Note:The digital postcard was made in Keynote (three slides). The video was shot with a tiny Nikon Coolpix. Video is imported as a Quicktime movie. The images of masking tape are set to about 70% opacity in Photoshop (could have been done directly in Keynote as well) and sit atop the video. Recorded with "Record Slideshow" feature (File menu) and exported as a Quicktime movie. Simple. The final slide says "From Oregon with Love" (Oregon Kara Ai) which was the title of a famous TV show in Japan in the '80s. 

Next stops: Osaka, Wellington, Sydney

info on the seminars in Wellington Just wrapped up the Voices That Matters Web Conference. My presentation today was the last one of the week. Just a fantastic conference with some really great people (New Riders did an excellent job!). Nashville is an incredible place for a conference (had a terrific early morning run on the campus of Vanderbilt University across the street from the conference site; beautiful campus. I'm going to the beautiful city of Wellington in New Zealand soon for two 6-hour seminars (June 30, July 1) hosted by the cool people at Webstock. Here is a seven-question interview I did with Webstock a few days ago. And below is one of the questions from the Webstock interview:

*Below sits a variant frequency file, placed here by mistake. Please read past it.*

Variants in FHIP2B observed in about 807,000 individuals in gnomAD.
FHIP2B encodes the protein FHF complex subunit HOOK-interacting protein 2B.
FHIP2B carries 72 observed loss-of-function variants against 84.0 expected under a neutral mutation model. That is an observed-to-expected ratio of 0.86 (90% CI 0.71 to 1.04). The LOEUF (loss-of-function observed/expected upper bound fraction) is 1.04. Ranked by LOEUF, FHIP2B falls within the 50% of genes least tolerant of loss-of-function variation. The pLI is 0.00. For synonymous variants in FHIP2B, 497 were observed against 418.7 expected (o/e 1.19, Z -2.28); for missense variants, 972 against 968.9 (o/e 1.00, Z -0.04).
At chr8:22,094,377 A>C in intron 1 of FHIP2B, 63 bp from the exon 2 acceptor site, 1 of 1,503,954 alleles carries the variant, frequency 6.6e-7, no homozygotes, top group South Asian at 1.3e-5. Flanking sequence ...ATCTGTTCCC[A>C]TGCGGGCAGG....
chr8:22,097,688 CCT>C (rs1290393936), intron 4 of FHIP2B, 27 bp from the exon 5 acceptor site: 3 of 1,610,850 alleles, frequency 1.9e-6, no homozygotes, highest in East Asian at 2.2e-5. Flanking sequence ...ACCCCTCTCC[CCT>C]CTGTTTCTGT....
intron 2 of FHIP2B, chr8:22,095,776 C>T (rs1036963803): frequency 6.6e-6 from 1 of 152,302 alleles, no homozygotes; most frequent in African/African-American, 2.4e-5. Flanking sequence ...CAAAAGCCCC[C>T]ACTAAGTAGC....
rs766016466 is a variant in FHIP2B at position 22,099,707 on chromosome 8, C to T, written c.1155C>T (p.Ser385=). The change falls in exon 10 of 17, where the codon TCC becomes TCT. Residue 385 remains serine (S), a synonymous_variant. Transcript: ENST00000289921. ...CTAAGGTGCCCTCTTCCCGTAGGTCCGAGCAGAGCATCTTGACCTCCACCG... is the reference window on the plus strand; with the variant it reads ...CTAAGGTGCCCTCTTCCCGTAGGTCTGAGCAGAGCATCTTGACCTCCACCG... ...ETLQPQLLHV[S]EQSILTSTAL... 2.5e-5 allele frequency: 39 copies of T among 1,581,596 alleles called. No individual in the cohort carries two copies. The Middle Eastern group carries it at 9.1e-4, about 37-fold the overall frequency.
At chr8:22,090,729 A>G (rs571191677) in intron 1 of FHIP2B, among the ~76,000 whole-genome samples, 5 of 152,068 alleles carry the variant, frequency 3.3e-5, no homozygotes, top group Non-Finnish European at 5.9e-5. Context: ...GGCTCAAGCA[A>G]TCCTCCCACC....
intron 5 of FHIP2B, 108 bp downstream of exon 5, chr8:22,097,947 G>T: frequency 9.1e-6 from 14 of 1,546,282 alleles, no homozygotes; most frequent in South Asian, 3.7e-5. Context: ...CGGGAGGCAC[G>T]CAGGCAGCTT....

Webstock: Good presentation skills and presenting well are well and good, but it’s really just the sizzle added on top of the substance. If you’ve got a good idea or the right information, that’s all that matters in the end.” What’s wrong with that viewpoint?